Pay Day Loan companies chummy up with it wise?

I just read an interesting article in the National Law Journal of April 6, 2009 about Payday loan companies that are affiliating with Tribal American nations in order to avoid regulation by the United States. Is this legal one may ask?
For the past few years, many states have begun to regulate these payday loan companies. Between the processing fees, interest rates and short terms of the loans, their effective rate of return is often between 600% – 800%. It is an obnoxious way to gouge a necessitous borrower. Yeah, yeah, whine whine, the payday lenders will cry “its all about risk and there is a lot of it with these borrowers.” Screw them. Its all about the bottom line and there is even more of that than there is risk. I don’t begrudge anyone a fair rate of return. It just turns my stomach when a fat cat lender holds his dollars over a borrower’s head and makes him jump through rings of fire for the loan. I am a collection attorney and yet this kind of debt nauseates me. I used to collect that crap and now I won’t touch it. Old age, I guess…ok…back to our story.
In the past two years, many states out west, such as Colorado, West Virgina, California, Nebraska and Oklahoma have passed laws that regulate these payday loan companies and the fees that they can charge. Indeed, Michigan is now one of those states that regulates these payday loans. Not having the desire to be regulated or the conscience to do the right thing, some of these lenders have decided to incorporate under the laws of Indian. Humorously, some consumer groups have labeled these Indian groups as “rent-a-tribes.” Anyways, these payday lenders are now claiming sovereign immunity when served with state court subpoenas. Essentially, the payday cowboys are telling the states to buzz off with their regulations and such, and that the states cannot touch them. Are they right? They may legally be correct.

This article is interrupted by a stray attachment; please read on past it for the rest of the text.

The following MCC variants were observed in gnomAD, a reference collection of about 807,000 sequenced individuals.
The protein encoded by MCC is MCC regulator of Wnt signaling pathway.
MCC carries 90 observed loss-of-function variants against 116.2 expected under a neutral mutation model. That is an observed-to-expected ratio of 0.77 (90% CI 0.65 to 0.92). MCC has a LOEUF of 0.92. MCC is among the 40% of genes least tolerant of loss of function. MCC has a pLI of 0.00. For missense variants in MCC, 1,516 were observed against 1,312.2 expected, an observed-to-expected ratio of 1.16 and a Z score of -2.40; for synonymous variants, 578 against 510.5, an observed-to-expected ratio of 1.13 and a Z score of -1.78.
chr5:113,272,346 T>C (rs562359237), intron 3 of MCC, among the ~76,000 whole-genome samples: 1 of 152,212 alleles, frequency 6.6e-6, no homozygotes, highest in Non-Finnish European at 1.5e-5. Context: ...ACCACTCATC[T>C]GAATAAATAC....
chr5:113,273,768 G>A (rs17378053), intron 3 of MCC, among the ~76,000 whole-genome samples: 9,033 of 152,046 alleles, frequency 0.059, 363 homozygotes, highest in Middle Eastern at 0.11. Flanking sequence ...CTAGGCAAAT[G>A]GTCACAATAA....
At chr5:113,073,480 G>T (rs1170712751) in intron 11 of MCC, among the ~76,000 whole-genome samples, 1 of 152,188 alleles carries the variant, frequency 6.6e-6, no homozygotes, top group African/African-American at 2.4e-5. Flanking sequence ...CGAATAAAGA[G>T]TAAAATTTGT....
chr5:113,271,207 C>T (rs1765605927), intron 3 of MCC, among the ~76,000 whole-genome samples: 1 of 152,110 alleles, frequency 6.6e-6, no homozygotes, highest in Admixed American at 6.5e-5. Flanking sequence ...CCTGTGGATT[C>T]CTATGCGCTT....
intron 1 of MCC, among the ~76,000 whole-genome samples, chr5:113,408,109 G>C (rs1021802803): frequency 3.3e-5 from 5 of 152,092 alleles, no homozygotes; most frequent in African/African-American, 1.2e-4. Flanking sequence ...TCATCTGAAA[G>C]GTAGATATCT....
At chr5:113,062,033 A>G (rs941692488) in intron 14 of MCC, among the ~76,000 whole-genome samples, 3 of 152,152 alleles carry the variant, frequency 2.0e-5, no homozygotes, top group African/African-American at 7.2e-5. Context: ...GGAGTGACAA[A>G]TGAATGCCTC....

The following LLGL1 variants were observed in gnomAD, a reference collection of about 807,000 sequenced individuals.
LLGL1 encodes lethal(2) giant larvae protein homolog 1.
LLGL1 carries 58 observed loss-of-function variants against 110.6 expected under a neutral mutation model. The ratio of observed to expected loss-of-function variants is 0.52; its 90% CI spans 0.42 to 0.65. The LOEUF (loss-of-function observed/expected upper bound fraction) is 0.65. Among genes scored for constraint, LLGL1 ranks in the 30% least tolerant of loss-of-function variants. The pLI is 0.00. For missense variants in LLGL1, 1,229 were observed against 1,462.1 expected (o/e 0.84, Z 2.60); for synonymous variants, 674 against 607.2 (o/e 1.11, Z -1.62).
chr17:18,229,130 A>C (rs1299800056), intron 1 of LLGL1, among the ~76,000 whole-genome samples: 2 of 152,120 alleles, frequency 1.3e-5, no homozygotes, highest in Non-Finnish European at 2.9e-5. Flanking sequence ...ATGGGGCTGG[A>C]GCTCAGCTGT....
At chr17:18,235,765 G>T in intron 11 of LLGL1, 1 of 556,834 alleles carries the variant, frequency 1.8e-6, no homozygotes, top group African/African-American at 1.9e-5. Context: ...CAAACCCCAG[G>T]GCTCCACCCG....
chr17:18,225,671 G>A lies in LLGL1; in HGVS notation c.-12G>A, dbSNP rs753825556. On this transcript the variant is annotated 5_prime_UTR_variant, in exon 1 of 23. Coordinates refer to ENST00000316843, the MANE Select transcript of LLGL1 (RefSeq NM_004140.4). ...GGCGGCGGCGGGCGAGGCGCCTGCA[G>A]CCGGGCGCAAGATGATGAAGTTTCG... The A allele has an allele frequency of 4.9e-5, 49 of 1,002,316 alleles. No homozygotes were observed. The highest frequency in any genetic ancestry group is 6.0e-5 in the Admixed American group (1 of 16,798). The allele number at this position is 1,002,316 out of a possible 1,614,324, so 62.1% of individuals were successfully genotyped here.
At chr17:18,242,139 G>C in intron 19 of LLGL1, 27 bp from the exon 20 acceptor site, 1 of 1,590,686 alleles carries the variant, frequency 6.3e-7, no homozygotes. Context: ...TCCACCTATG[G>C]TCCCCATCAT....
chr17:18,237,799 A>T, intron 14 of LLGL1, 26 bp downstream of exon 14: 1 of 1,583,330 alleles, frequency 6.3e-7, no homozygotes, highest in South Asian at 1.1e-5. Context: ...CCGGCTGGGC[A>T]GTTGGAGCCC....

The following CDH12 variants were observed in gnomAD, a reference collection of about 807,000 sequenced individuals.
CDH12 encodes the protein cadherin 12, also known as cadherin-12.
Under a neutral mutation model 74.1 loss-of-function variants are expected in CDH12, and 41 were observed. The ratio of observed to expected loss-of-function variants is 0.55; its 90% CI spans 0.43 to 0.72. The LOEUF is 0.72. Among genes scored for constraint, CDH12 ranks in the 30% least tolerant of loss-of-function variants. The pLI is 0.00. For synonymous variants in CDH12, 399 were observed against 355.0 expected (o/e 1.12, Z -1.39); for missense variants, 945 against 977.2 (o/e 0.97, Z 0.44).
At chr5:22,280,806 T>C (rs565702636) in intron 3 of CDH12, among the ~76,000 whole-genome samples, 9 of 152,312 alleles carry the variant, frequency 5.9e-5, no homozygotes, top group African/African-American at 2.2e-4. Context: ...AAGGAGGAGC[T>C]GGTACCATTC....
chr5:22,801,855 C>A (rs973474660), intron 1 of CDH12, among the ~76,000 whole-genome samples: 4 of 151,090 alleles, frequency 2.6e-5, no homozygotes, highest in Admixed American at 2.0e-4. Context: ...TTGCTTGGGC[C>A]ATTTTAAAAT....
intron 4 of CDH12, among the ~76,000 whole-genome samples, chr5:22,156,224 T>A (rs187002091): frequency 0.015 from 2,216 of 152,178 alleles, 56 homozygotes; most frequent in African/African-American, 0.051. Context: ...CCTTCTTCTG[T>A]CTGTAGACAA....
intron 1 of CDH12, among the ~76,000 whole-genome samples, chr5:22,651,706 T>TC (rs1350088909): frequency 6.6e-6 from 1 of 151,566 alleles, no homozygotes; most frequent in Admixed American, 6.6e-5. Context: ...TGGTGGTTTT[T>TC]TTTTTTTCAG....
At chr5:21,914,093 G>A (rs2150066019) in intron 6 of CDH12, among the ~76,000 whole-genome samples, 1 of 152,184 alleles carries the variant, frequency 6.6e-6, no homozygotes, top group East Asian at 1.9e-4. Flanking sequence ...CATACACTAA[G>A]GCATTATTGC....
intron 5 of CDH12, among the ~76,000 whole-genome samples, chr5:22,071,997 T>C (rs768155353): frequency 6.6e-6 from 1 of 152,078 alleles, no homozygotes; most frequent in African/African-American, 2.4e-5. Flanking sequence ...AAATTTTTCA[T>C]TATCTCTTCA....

Colorado has decided to take on this challenge to see who is ultimately correct. Its court of appeals has held that if a payday loan company is not “sufficiently affiliated” with an Indian tribe, that it may be subject to a court’s subpoena and subsequently, it may be regulated. The court then set forth a test to define what “sufficiently affiliated” means. Naturally, neither the payday loan companies nor the Indians care to have their claims to sovereign immunity questioned. This is a fascinating issue that I will follow and report upon later. I will keep you posted as events unfold.
So, what do you think? Should payday loan companies be allowed to scalp the under privileged with the help of our Tribal American brothers? Does anyone else see irony in this?

This entry was posted on Sunday, April 19th, 2009 and is filed under Your credit and credit score . You can follow any responses to this entry through the RSS 2.0 feed. Both comments and pings are currently closed.

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